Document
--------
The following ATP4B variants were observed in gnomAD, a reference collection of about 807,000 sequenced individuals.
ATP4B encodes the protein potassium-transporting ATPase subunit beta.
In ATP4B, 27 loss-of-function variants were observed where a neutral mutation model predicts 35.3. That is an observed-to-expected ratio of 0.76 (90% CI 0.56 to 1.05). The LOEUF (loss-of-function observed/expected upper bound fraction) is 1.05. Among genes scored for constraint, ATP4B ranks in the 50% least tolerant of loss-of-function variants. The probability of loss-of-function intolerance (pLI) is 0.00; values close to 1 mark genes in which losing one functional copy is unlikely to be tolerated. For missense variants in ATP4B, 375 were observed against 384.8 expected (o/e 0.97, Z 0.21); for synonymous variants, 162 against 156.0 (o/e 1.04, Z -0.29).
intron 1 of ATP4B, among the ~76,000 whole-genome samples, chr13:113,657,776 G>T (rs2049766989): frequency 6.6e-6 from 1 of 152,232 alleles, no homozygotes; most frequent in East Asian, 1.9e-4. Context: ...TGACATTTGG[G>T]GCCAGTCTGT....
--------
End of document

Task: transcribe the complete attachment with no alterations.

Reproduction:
The following ATP4B variants were observed in gnomAD, a reference collection of about 807,000 sequenced individuals.
ATP4B encodes the protein potassium-transporting ATPase subunit beta.
In ATP4B, 27 loss-of-function variants were observed where a neutral mutation model predicts 35.3. That is an observed-to-expected ratio of 0.76 (90% CI 0.56 to 1.05). The LOEUF (loss-of-function observed/expected upper bound fraction) is 1.05. Among genes scored for constraint, ATP4B ranks in the 50% least tolerant of loss-of-function variants. The probability of loss-of-function intolerance (pLI) is 0.00; values close to 1 mark genes in which losing one functional copy is unlikely to be tolerated. For missense variants in ATP4B, 375 were observed against 384.8 expected (o/e 0.97, Z 0.21); for synonymous variants, 162 against 156.0 (o/e 1.04, Z -0.29).
intron 1 of ATP4B, among the ~76,000 whole-genome samples, chr13:113,657,776 G>T (rs2049766989): frequency 6.6e-6 from 1 of 152,232 alleles, no homozygotes; most frequent in East Asian, 1.9e-4. Context: ...TGACATTTGG[G>T]GCCAGTCTGT....